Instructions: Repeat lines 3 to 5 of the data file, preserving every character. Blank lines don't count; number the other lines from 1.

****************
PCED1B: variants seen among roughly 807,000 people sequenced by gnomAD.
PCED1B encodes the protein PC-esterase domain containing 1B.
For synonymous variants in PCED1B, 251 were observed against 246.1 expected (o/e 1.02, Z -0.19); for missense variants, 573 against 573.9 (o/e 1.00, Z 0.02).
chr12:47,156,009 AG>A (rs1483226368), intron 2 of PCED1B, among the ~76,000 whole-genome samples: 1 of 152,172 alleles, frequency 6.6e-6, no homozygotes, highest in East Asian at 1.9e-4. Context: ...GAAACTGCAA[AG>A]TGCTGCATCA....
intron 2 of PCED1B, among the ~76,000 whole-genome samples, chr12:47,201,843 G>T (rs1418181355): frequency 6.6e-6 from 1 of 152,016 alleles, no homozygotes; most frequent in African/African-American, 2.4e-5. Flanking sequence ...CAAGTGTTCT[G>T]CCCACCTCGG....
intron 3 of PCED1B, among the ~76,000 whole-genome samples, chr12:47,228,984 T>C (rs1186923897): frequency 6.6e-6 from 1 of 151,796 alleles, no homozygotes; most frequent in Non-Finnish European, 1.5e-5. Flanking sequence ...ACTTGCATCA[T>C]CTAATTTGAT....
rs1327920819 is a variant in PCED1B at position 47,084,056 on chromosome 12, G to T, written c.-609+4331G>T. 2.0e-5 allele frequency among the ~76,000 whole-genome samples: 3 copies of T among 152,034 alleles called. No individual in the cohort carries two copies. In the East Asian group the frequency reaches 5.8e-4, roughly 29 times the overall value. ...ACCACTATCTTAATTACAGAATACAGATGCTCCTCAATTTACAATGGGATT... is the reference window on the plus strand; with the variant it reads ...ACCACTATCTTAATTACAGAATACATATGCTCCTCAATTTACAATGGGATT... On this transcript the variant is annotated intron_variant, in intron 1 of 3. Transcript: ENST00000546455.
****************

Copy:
For synonymous variants in PCED1B, 251 were observed against 246.1 expected (o/e 1.02, Z -0.19); for missense variants, 573 against 573.9 (o/e 1.00, Z 0.02).
chr12:47,156,009 AG>A (rs1483226368), intron 2 of PCED1B, among the ~76,000 whole-genome samples: 1 of 152,172 alleles, frequency 6.6e-6, no homozygotes, highest in East Asian at 1.9e-4. Context: ...GAAACTGCAA[AG>A]TGCTGCATCA....
intron 2 of PCED1B, among the ~76,000 whole-genome samples, chr12:47,201,843 G>T (rs1418181355): frequency 6.6e-6 from 1 of 152,016 alleles, no homozygotes; most frequent in African/African-American, 2.4e-5. Flanking sequence ...CAAGTGTTCT[G>T]CCCACCTCGG....